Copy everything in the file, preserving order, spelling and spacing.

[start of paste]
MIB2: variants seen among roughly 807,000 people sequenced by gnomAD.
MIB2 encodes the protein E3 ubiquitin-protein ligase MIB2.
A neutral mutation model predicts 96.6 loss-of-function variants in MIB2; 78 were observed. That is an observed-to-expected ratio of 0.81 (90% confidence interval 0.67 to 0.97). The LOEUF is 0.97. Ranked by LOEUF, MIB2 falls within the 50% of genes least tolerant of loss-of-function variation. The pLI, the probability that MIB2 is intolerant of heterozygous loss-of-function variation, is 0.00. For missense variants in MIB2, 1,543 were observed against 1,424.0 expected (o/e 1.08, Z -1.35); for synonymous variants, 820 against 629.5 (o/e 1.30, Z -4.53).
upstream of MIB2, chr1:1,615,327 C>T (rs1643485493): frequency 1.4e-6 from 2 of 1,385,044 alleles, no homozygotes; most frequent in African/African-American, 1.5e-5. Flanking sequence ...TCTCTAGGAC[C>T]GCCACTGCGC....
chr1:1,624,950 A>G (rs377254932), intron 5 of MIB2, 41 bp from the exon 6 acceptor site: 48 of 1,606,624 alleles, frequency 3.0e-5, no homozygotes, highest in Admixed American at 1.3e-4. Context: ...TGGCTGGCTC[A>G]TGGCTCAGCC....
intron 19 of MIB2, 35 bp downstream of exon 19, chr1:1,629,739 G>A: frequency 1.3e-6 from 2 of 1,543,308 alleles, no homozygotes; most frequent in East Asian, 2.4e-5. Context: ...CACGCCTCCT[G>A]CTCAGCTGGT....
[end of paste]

MIB2: variants seen among roughly 807,000 people sequenced by gnomAD.
MIB2 encodes the protein E3 ubiquitin-protein ligase MIB2.
A neutral mutation model predicts 96.6 loss-of-function variants in MIB2; 78 were observed. That is an observed-to-expected ratio of 0.81 (90% confidence interval 0.67 to 0.97). The LOEUF is 0.97. Ranked by LOEUF, MIB2 falls within the 50% of genes least tolerant of loss-of-function variation. The pLI, the probability that MIB2 is intolerant of heterozygous loss-of-function variation, is 0.00. For missense variants in MIB2, 1,543 were observed against 1,424.0 expected (o/e 1.08, Z -1.35); for synonymous variants, 820 against 629.5 (o/e 1.30, Z -4.53).
upstream of MIB2, chr1:1,615,327 C>T (rs1643485493): frequency 1.4e-6 from 2 of 1,385,044 alleles, no homozygotes; most frequent in African/African-American, 1.5e-5. Flanking sequence ...TCTCTAGGAC[C>T]GCCACTGCGC....
chr1:1,624,950 A>G (rs377254932), intron 5 of MIB2, 41 bp from the exon 6 acceptor site: 48 of 1,606,624 alleles, frequency 3.0e-5, no homozygotes, highest in Admixed American at 1.3e-4. Context: ...TGGCTGGCTC[A>G]TGGCTCAGCC....
intron 19 of MIB2, 35 bp downstream of exon 19, chr1:1,629,739 G>A: frequency 1.3e-6 from 2 of 1,543,308 alleles, no homozygotes; most frequent in East Asian, 2.4e-5. Context: ...CACGCCTCCT[G>A]CTCAGCTGGT....